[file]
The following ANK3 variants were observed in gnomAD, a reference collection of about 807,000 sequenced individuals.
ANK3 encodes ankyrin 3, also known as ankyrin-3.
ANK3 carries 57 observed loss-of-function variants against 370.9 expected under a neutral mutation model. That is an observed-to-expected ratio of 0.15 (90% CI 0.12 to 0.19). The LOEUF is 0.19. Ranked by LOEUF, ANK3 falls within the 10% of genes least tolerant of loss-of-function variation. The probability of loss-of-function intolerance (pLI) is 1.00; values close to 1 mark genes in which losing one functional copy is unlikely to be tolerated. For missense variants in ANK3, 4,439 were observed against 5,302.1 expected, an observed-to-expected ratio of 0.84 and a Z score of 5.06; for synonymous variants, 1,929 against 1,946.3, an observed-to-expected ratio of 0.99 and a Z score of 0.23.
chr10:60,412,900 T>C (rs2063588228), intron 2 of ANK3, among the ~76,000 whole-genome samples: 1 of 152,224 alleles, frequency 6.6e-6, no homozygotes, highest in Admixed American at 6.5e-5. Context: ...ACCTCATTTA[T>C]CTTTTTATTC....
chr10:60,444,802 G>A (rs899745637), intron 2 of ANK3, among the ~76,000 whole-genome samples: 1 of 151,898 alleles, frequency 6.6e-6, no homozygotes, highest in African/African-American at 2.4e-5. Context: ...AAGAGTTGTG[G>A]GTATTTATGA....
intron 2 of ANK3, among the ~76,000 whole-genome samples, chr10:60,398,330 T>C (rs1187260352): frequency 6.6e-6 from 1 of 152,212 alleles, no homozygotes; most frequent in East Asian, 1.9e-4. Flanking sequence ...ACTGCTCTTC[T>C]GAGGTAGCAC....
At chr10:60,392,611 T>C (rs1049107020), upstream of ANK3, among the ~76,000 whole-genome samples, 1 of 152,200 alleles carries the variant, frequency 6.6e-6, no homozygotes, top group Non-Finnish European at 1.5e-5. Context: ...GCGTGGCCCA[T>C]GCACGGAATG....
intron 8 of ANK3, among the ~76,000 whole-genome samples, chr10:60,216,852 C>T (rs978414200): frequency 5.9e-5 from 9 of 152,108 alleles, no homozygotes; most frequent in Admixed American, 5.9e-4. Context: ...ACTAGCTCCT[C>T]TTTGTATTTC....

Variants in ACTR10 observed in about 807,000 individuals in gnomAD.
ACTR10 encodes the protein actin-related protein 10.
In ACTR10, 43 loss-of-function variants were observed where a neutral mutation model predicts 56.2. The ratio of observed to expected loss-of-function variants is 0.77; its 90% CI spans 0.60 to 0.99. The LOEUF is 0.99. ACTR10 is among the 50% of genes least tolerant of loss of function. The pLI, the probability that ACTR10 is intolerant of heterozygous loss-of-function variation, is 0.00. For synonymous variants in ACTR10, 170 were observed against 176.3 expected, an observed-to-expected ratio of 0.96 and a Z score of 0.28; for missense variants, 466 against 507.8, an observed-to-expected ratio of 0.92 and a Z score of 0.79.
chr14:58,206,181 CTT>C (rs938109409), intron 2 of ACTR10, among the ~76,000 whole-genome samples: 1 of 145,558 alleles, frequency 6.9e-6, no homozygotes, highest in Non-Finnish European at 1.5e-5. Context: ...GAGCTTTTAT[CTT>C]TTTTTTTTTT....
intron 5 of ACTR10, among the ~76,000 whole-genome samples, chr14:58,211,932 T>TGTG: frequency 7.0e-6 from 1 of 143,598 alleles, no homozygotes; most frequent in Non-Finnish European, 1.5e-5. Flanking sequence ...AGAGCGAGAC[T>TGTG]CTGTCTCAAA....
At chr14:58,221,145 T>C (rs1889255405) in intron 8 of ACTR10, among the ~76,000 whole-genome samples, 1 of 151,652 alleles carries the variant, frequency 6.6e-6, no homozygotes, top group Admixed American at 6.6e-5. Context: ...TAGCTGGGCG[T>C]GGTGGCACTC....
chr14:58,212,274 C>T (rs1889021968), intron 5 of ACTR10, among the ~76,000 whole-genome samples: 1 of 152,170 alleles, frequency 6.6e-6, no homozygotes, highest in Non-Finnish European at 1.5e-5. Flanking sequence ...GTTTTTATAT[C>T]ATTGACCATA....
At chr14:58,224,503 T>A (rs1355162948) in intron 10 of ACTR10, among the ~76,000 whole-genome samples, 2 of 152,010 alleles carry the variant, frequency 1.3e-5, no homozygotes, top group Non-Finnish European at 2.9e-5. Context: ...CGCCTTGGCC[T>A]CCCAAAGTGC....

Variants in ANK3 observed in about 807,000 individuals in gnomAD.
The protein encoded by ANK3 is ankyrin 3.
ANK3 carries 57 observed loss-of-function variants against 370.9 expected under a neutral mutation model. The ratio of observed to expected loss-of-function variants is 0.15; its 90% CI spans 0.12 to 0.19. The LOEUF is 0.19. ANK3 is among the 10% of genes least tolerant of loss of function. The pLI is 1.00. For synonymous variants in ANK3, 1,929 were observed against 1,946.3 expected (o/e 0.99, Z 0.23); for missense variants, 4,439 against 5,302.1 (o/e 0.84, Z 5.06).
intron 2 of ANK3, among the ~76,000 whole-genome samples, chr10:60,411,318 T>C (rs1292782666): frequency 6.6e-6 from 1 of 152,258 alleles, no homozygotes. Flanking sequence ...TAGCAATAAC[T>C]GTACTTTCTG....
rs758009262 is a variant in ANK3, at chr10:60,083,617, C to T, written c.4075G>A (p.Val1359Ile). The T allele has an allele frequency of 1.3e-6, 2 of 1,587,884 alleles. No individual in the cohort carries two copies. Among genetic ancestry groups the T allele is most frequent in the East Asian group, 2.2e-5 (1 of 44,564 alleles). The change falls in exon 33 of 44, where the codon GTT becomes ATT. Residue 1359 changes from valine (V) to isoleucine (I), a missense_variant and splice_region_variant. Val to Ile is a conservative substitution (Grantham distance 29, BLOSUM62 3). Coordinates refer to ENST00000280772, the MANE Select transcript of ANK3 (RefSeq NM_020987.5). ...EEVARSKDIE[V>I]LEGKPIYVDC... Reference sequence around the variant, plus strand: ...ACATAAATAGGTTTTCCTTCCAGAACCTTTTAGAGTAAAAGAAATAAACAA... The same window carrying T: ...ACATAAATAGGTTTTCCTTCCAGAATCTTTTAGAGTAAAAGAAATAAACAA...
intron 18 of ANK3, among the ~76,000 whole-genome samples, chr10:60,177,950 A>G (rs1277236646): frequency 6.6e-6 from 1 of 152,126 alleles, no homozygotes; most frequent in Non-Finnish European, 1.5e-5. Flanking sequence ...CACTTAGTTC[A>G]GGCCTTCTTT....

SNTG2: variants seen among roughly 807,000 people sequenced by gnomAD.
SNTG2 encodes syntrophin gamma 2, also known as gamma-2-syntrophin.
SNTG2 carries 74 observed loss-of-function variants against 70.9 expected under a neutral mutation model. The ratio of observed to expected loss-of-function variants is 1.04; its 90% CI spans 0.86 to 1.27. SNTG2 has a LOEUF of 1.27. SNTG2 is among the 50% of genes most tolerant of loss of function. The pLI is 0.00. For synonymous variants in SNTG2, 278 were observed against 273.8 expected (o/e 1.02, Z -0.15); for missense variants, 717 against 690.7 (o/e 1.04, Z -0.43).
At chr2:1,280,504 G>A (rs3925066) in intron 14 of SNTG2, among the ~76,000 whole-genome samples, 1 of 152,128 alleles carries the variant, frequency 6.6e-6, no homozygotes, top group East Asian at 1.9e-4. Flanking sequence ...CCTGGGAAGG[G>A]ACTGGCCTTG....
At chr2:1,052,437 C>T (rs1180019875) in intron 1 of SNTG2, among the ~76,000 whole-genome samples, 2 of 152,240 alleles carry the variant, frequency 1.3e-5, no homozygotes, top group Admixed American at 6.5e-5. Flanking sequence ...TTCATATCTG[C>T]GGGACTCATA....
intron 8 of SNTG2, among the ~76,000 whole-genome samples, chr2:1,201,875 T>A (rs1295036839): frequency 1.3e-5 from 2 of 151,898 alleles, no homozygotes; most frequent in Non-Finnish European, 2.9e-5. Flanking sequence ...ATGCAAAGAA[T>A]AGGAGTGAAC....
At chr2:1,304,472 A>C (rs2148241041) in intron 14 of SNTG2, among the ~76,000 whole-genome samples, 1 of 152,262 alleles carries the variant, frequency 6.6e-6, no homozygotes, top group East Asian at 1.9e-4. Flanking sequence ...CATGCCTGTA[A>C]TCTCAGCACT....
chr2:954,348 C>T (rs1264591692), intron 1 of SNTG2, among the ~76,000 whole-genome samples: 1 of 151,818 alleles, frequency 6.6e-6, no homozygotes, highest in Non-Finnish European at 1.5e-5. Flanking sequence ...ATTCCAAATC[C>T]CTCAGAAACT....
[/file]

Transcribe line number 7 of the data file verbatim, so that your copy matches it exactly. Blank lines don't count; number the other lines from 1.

At chr10:60,392,611 T>C (rs1049107020), upstream of ANK3, among the ~76,000 whole-genome samples, 1 of 152,200 alleles carries the variant, frequency 6.6e-6, no homozygotes, top group Non-Finnish European at 1.5e-5. Context: ...GCGTGGCCCA[T>C]GCACGGAATG....